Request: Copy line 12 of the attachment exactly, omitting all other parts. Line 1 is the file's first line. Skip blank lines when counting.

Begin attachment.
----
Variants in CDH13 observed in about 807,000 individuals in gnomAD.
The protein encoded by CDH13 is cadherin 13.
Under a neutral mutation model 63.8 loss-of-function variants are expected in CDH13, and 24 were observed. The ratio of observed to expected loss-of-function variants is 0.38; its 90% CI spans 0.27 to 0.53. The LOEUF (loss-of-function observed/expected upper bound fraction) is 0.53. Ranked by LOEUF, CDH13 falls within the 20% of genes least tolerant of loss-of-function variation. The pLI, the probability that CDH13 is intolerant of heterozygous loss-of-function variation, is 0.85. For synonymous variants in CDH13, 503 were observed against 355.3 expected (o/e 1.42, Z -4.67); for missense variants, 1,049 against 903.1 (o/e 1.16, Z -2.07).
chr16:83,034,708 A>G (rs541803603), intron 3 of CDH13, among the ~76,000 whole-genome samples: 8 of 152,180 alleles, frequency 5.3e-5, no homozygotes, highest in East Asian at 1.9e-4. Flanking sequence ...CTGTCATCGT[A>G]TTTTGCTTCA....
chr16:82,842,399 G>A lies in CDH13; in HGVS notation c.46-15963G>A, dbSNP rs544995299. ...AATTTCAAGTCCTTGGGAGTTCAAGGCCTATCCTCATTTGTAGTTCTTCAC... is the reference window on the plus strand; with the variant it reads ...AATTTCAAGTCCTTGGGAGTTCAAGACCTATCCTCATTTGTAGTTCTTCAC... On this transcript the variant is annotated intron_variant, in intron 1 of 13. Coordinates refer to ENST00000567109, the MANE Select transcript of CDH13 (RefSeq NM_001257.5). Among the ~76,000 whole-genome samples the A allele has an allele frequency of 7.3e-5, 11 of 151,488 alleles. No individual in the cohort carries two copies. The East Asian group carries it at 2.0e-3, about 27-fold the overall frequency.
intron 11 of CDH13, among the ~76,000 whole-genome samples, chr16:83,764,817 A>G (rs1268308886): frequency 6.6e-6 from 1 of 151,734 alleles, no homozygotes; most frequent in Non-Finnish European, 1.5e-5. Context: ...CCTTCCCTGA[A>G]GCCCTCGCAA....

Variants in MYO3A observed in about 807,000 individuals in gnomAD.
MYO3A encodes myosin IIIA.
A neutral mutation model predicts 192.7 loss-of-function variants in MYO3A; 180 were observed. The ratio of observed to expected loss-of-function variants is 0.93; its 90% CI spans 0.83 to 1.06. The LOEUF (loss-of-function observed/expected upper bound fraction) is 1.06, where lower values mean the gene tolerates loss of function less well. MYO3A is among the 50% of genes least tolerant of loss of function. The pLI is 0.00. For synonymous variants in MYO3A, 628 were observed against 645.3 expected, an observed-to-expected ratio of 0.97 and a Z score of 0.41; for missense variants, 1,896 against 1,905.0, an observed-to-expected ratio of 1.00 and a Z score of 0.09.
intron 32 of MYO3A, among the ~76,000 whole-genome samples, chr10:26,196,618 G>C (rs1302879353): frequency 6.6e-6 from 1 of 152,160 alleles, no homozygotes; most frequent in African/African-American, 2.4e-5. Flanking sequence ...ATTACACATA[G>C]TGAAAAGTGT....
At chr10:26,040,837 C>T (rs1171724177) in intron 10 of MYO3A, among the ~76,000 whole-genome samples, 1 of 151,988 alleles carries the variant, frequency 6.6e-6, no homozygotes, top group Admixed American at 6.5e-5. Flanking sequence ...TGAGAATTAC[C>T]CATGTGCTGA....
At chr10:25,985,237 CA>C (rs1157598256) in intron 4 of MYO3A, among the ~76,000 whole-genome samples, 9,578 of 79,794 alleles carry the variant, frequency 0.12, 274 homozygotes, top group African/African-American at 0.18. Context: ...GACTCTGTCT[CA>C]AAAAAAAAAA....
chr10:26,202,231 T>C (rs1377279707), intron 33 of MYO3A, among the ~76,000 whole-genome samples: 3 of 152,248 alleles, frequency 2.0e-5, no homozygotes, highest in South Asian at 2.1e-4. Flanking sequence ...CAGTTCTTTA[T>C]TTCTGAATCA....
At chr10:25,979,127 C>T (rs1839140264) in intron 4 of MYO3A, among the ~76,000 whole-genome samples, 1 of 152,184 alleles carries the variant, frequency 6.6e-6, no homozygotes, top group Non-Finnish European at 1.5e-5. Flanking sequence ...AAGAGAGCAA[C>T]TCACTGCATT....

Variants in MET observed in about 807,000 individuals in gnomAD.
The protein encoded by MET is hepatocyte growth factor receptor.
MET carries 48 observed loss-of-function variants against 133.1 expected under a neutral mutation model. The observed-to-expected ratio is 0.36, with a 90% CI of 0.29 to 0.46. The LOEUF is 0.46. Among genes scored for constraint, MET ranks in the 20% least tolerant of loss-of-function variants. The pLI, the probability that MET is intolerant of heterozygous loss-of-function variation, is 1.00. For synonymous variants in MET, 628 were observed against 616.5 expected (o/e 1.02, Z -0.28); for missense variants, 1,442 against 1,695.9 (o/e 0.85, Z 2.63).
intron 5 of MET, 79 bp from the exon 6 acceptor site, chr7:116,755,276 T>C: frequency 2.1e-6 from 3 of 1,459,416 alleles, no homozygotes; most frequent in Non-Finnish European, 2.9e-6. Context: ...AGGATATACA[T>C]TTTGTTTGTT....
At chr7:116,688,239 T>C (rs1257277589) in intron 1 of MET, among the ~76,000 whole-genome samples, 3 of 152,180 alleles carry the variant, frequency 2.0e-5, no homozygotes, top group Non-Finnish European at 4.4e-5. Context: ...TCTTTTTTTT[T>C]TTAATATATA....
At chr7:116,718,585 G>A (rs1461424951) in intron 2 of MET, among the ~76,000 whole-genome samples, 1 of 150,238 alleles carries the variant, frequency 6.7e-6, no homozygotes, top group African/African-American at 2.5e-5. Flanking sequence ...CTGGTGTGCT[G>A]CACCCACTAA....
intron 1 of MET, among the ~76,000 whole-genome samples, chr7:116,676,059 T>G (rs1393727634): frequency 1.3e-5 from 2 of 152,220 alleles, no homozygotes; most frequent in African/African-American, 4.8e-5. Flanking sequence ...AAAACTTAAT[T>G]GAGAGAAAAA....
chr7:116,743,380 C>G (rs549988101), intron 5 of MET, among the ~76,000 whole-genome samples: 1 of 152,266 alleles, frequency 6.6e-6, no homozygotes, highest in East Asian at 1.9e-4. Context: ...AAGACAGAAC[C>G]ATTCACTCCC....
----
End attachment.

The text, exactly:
At chr10:25,985,237 CA>C (rs1157598256) in intron 4 of MYO3A, among the ~76,000 whole-genome samples, 9,578 of 79,794 alleles carry the variant, frequency 0.12, 274 homozygotes, top group African/African-American at 0.18. Context: ...GACTCTGTCT[CA>C]AAAAAAAAAA....